We will never be 100% prepared for any opportunity. Once we have confirmed that the fundamentals make sense and the risks are manageable, we should start doing but not wait for a “perfect” idea or solution.
  3. Empathy

    Surprisingly, I also realized that being open-minded was somewhat similar to having empathy.

    Over the past 5 years, I met many people who were shocked and thought I was lying because they have never seen what I described to them.

    I told them “many parents in China today are still forcing the daughters to send most of their income back to support the sons (many people in rural China still have a strong preference for boys to girls)”.

    I told them “some parents were forcing their kids to sell drugs in China”.

    I told them “a lot of people in China still do not have a high-school degree and only 3% of the Chinese population went to a college (42% for the US and 45% for Japan)”.

    I told them “many people in LatAm still do not have access to 4G network and favor text-based apps”.

    I told them “many people in Xinjiang do not speak Mandarin Chinese and have very different religious beliefs, and it is reasonable for them to want to build a new nation”.

    I told them “many cancer patients do not have access to high-quality healthcare resources in their poor hometown and always dream of going to Beijing/Shanghai to seek second opinions”.

    I learned about these cases when I met my friends in the Chinese army, when I was traveling to the rural areas in Xinjiang and LatAm, and when I was listening to my close friends about the sad family stories that they never shared before.

    The fact that you never experienced those weird things does not mean these people/things do not exist. To me, being open-minded also means being empathetic to different groups of people and trying to understand their pains (even they might sound unbelievable) and solve their problems.

    Before Pinduoduo became popular in China, no one had noticed that there were a huge group of 800 million to 1 billion poor rural population that was underserved in China. Even after Pinduoduo came out, many people still did not believe it would succeed as the Chinese e-commerce market was already very saturated in 2015. By serving this underserved segment, Pinduoduo grew its monthly active user base to 343.6 million and its GMV to $38.5 billion in 3 years. These underserved population are now spending on average $6 per order on Pinduoduo, while the users from top-tier Chinese cities spend $30 and $60 on Taobao and JD on average respectively. See more about Pinduoduo here.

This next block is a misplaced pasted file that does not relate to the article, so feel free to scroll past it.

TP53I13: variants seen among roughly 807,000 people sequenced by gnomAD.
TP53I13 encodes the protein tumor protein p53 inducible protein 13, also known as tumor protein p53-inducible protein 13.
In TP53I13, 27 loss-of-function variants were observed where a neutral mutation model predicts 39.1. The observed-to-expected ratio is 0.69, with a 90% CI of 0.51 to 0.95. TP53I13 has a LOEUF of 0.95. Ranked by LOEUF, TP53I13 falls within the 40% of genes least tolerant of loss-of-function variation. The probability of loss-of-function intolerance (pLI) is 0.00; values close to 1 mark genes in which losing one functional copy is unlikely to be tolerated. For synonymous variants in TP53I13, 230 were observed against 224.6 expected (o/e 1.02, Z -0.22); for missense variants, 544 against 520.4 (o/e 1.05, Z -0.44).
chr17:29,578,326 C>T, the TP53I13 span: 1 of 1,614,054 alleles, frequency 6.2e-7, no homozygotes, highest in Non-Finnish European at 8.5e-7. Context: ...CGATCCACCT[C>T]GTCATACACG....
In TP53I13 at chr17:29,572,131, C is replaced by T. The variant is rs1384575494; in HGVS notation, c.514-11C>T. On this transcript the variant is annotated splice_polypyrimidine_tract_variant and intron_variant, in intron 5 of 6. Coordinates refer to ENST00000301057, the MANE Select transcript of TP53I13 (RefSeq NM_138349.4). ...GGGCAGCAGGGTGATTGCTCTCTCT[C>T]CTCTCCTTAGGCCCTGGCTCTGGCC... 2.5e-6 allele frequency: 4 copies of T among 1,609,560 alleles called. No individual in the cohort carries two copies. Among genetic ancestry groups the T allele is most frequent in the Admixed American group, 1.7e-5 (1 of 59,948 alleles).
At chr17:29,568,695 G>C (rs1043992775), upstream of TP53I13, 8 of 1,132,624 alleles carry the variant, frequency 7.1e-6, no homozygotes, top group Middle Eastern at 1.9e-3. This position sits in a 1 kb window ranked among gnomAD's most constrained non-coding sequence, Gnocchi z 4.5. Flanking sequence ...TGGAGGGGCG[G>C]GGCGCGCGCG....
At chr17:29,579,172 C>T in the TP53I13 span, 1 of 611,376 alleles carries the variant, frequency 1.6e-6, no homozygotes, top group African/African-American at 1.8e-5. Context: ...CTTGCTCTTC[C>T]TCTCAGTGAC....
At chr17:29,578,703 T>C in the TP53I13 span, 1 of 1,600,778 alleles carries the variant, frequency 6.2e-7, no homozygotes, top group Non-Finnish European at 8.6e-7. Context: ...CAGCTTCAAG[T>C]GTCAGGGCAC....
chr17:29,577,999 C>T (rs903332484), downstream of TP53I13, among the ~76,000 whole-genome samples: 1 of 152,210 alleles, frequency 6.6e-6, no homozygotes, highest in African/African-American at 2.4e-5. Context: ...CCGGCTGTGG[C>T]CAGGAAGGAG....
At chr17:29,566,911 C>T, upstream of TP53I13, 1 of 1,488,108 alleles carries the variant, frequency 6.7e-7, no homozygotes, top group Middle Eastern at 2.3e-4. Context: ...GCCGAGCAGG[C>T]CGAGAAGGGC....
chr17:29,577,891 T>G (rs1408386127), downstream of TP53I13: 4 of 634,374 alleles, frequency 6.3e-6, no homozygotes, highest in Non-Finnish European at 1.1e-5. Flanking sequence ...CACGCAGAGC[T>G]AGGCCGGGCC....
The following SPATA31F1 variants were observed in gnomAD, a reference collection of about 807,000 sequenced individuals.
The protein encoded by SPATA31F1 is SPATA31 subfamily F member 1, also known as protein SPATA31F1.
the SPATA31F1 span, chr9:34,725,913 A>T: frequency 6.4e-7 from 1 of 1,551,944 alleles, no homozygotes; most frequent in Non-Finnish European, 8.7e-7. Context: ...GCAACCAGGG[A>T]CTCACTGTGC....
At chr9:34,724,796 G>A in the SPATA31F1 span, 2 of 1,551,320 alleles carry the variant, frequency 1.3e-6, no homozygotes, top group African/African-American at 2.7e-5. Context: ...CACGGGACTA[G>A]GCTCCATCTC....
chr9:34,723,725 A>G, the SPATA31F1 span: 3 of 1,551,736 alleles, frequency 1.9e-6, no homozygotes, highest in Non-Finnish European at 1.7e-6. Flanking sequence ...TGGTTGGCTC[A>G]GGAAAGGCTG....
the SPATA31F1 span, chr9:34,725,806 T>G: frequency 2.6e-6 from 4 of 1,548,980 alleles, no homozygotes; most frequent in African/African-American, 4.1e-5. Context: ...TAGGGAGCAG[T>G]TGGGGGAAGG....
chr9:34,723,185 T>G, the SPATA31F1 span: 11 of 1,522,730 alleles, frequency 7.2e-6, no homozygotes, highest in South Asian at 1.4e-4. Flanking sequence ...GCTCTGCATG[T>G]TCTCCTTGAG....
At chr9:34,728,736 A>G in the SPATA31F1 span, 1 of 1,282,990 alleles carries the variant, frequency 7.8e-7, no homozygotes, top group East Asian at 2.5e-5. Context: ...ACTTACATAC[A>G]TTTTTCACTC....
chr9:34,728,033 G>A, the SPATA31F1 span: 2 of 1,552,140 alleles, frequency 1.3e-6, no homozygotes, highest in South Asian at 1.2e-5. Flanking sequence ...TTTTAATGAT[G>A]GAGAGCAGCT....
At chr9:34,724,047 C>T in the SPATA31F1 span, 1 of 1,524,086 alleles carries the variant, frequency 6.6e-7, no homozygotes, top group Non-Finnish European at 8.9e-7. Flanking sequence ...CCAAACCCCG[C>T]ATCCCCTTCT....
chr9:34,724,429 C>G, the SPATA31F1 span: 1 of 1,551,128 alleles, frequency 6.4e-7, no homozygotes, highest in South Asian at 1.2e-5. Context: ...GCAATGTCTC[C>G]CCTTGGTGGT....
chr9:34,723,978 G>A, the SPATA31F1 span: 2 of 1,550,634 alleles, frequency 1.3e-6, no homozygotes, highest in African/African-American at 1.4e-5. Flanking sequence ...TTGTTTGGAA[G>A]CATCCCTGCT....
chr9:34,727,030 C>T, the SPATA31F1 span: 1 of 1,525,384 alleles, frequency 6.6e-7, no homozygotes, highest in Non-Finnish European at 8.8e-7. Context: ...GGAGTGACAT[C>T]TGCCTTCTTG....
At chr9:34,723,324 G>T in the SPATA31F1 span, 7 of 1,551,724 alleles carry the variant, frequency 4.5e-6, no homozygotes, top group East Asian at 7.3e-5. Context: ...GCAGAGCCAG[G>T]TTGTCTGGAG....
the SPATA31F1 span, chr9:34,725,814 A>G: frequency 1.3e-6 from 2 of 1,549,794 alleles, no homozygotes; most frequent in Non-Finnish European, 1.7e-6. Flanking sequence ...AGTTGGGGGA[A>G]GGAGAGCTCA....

The best lesson from Pinduoduo is that, be open-minded and empathetic, and you will find the gold mine when fixing the overlooked problems.

As I grow older, I feel more grateful for having grown up in a lower-middle-class family. This experience has enabled me to be empathetic. Each of the lower-class families may be facing different problems, but I am always happy to listen to them, understand their pains, and try my best to help them.

This is also why I always enjoy traveling to the developing countries in LatAm and Africa. The rich’s worlds may always be similar, while poor people can suffer from different pains (unfairness, lack of access to resources, etc.) for different reasons (e.g. mostly social reasons). With a better understanding of their pains and how the world is being operated in different places, I become more empathetic and more motivated to do something for change.

As I grow older, I also feel more grateful for understanding “never say impossible” and “do it first”. I experienced the benefits of taking the right risks – by moving from Hong Kong to Beijing for a summer internship at the age of 28, by joining an amazing autonomous driving startup for my MBA summer when every classmate went to iBanking/consulting/big corporate firms, by taking a fantastic job that pays much lower than the average post-MBA level but offers a lot of great growth opportunities, and by believing in and helping many amazing founders who are making changes happen.

Hope this self-reflection can be helpful to my friends. Happy holidays!


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  • Fan, I just discovered your website (through LinkedIn), and this was the first article I read. It is a true peak behind the scenes of so many aspects of our society and culture. I really appreciate that you took the time to write this and share it. Thank you…and how is the stealth startup doing? 😉

  • Hey Howard,

    Thanks for the note! I think they’re doing well – they have found some early patient customers through the partner hospital, and they’re trying to build the tech to support the scaling of the business.